A suspicion lingers among writers and thinkers of an ancient wisdom, that the whole of the universe is contained within each of its particles. Unique patterns in classical art, intuited by the “individual genius” are also redundantly elaborated in mathematics, discovered in the tiniest and oldest of fossils. See the foraminifera garden, which features enlarged replicas of 330 million years old organisms:
by Feng Sun Chen on Dec.01, 2011
I want to eat,
I want to eat,
I want to eat,
I want to eat,
I don’t care whom (Hiromi Ito)
In both its vulnerability and annihilation, the potato resists nothing.
Through a gaze that is, simultaneously, self and other, the potato shatters us: before our ensconced pupils, uncanny eyes blink open and sprout. To become-potato is to become what we see, smell, hear, and taste–or to act on the hunger of yellow, ferocious videogame stars. As that which triggers and sustains the poet’s all-consuming cannibalism, the potato gorges on dotted lines. Just as Mr. and Ms. Pac-Man must eventually devour one another, our pockmarked crop makes opposites feed off each other. As earthlings, we find ourselves lovingly eating the sky.
The star will consume the star whose every twinkle is a blink of memory (Edmond Jabès)
When we begin becoming-potato, we anticipate the silence of the earth until it cries. We feel the necropastoral decay that supersaturates the ground. Suddenly, the mute shadows of untimely, unruly bodies scream, and we hear this angelic shrieking despite our godlessness. The potatoesque erupts as an exercise in extreme empathy, in baring our cheek, in rolling over to flash our private parts at you, chthonic and celestial parasites.
Can you smell her burning fur? (Bhanu Kapil)
A blind, asexual stem tuber, the potato expands as a rhizome. Its surface is a field of eyes or nodes. While blind, these eyes are sensate, part of a field of compost teeming with writhing, blood-stained worms. Each node opens a threshold for further feeding on decay, a portal through which tiny revolts breach out.
This occult, (non)uterine (non)motherhood is the chorus of a thousand tiny sexes (as in Grosz’s feminism of rhizomatics).
Hermaphroditic marshmallows, stay squishy as worm infected potatoes in the dark earth. Stay aware of and in the silent excess of pain in the dying flesh below the earth that is infected with violence. Vibrating monads, jiggle your pink tongues as you perceive. Leak down the intersex! (Aaron Apps)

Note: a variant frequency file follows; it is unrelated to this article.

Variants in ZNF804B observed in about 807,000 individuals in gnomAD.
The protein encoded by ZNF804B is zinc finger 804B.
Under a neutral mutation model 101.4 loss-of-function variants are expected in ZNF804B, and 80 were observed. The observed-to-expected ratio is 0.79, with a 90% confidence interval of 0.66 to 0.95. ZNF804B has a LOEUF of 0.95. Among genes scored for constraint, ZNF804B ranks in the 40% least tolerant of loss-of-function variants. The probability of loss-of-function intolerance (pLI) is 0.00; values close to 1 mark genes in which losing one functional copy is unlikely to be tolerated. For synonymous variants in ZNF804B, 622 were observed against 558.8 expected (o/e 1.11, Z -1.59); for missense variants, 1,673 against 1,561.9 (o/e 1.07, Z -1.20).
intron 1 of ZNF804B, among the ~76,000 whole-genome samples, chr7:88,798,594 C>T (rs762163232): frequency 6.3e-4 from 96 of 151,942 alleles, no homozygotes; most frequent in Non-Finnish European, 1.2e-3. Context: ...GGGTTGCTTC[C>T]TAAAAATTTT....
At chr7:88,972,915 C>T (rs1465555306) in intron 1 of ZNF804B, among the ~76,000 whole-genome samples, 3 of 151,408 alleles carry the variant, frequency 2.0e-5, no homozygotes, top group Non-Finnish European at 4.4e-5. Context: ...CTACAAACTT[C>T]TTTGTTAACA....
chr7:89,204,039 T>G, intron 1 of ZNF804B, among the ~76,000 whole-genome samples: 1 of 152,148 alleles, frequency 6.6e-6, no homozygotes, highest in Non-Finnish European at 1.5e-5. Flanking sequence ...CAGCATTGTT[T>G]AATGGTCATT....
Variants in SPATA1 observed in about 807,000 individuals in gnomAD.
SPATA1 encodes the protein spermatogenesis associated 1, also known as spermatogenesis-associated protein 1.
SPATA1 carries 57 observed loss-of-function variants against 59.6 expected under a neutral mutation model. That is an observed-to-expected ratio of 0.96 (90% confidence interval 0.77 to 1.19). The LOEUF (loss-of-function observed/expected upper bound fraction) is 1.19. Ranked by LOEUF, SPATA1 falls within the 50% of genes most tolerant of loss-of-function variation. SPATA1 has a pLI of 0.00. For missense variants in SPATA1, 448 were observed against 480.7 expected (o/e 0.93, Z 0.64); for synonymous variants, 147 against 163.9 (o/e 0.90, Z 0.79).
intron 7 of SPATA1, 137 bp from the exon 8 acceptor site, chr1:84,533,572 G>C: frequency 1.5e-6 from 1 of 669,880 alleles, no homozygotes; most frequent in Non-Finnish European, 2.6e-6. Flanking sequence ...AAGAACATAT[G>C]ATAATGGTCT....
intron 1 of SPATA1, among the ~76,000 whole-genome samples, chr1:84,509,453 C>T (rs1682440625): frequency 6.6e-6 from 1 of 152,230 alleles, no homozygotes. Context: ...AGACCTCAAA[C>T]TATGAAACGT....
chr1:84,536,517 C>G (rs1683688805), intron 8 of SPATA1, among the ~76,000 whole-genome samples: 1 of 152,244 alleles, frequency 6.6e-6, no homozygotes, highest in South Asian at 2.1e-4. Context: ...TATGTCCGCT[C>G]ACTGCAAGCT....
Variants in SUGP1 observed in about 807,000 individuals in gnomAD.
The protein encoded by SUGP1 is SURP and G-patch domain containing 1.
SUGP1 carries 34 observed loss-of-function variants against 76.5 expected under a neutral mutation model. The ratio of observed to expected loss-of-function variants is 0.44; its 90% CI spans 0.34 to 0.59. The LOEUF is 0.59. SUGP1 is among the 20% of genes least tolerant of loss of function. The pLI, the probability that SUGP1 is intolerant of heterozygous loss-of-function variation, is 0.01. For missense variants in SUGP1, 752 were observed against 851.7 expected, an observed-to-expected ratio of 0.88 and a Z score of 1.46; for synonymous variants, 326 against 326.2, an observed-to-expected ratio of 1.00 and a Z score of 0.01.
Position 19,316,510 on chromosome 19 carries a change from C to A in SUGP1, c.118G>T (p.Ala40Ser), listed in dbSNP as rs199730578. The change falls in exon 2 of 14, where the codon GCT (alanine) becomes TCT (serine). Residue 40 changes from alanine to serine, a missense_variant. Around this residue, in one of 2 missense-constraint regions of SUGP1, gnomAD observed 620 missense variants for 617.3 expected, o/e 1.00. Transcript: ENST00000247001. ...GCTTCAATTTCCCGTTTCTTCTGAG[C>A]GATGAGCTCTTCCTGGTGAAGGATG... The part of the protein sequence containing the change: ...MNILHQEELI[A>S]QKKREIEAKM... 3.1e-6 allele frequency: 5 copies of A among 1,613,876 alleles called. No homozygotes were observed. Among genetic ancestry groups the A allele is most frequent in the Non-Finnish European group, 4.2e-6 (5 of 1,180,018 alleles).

Unlike poetics aimed at (hybrid) synthesis or (straight) futurity or (mere) resignification, the potatoesque embraces queer and constant mutation, reproduction, and synesthetic consumption. By occupying the black of censored lines–the shameful, hysterical symptoms of our infected bodies–our famine-ending orb speaks through and against capitalist realism’s ideological and material garbage.
What the potatoesque thwarts, as the heart of Anything and Everything, is legibility.
As the text sucks into itself sky, seagull, and surface as well as depth, landfill, and ground, we kiss and become its unnamable mush. We give ourselves to all potato cries.
by Feng Sun Chen on Nov.15, 2011
Continue reading “synesthetic rather than Surreal, humility rather than Mastery” »
by Feng Sun Chen on Nov.03, 2011
I figured out where the phrase “human bean” came from–Lorraine Neidecker! Thanks, LN. I hope to someday read your collected works.
In my research into the life of beans (or things with bean-ness) I have been trying to find connection between myself and plant-life. I have gotten as far as the worm. In previous entries on my blog, I have written about the practice of humility as a poetics. A teacher I once had brought compost to class and told us about her time spent with her face in the fresh black humus. We smelled the compost and let the earth particles into our lungs. I didn’t see any worms, but I thought about the wormhood that must have produced the mould.
Sidenote: In practices of some types of shamanism, exorcisms involve “poisoning” the possessed with herbs. This often killed intestinal worms, so in the scientific way of looking at it, the body was healed when the worms were destroyed. It’s interesting to consider how to empathize or understand certain shamanistic practices, because it is so difficult to think of toxic convulsions as anything other than sickness. I’m reminded of the scene in True Bloodwhen Terra gets exorcised but later tries to attack the witch because the exorcism was a hoax–she was fed poison and hallucinated her demon. When I was a kid in Singapore in primary school, we were given small pink tablets to eat and these would eliminate worms, if we had any. Two of my friends have had worms. One had benign worms, the other had worms that caused emaciation. One described seeing worms in the toilet as an intense experience of shame. Worms are a symbol of shame. If you call someone a worm, you are calling them a coward, unfit, disgusting, etc.
During conversation with some poet friends, the worm came up as my “spirit animal”. The worm has 7 hearts and is hermaphroditic.